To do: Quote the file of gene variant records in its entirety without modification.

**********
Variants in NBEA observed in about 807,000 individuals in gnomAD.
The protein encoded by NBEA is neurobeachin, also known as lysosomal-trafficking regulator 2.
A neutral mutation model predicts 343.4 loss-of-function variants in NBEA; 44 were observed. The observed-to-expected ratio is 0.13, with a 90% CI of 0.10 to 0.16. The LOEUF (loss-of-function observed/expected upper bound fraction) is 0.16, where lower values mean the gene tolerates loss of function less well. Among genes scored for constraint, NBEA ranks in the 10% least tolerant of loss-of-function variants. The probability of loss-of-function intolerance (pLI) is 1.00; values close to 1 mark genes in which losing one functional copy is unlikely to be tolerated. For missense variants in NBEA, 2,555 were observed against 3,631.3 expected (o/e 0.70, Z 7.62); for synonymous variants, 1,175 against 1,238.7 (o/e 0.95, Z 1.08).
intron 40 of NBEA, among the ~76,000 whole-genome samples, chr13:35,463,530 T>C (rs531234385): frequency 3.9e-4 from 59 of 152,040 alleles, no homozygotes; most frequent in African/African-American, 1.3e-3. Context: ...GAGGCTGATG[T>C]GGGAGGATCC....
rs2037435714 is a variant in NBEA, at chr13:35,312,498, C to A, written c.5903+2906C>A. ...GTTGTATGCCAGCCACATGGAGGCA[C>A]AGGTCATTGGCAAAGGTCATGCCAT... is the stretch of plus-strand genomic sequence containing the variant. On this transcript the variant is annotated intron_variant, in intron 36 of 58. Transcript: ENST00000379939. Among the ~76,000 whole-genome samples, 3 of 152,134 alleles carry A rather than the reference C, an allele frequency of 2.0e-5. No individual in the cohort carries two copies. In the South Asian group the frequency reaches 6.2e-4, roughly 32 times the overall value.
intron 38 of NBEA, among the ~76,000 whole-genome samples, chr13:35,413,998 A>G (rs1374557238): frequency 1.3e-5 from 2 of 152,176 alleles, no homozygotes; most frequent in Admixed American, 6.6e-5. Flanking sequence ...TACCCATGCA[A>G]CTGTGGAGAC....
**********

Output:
Variants in NBEA observed in about 807,000 individuals in gnomAD.
The protein encoded by NBEA is neurobeachin, also known as lysosomal-trafficking regulator 2.
A neutral mutation model predicts 343.4 loss-of-function variants in NBEA; 44 were observed. The observed-to-expected ratio is 0.13, with a 90% CI of 0.10 to 0.16. The LOEUF (loss-of-function observed/expected upper bound fraction) is 0.16, where lower values mean the gene tolerates loss of function less well. Among genes scored for constraint, NBEA ranks in the 10% least tolerant of loss-of-function variants. The probability of loss-of-function intolerance (pLI) is 1.00; values close to 1 mark genes in which losing one functional copy is unlikely to be tolerated. For missense variants in NBEA, 2,555 were observed against 3,631.3 expected (o/e 0.70, Z 7.62); for synonymous variants, 1,175 against 1,238.7 (o/e 0.95, Z 1.08).
intron 40 of NBEA, among the ~76,000 whole-genome samples, chr13:35,463,530 T>C (rs531234385): frequency 3.9e-4 from 59 of 152,040 alleles, no homozygotes; most frequent in African/African-American, 1.3e-3. Context: ...GAGGCTGATG[T>C]GGGAGGATCC....
rs2037435714 is a variant in NBEA, at chr13:35,312,498, C to A, written c.5903+2906C>A. ...GTTGTATGCCAGCCACATGGAGGCA[C>A]AGGTCATTGGCAAAGGTCATGCCAT... is the stretch of plus-strand genomic sequence containing the variant. On this transcript the variant is annotated intron_variant, in intron 36 of 58. Transcript: ENST00000379939. Among the ~76,000 whole-genome samples, 3 of 152,134 alleles carry A rather than the reference C, an allele frequency of 2.0e-5. No individual in the cohort carries two copies. In the South Asian group the frequency reaches 6.2e-4, roughly 32 times the overall value.
intron 38 of NBEA, among the ~76,000 whole-genome samples, chr13:35,413,998 A>G (rs1374557238): frequency 1.3e-5 from 2 of 152,176 alleles, no homozygotes; most frequent in Admixed American, 6.6e-5. Flanking sequence ...TACCCATGCA[A>G]CTGTGGAGAC....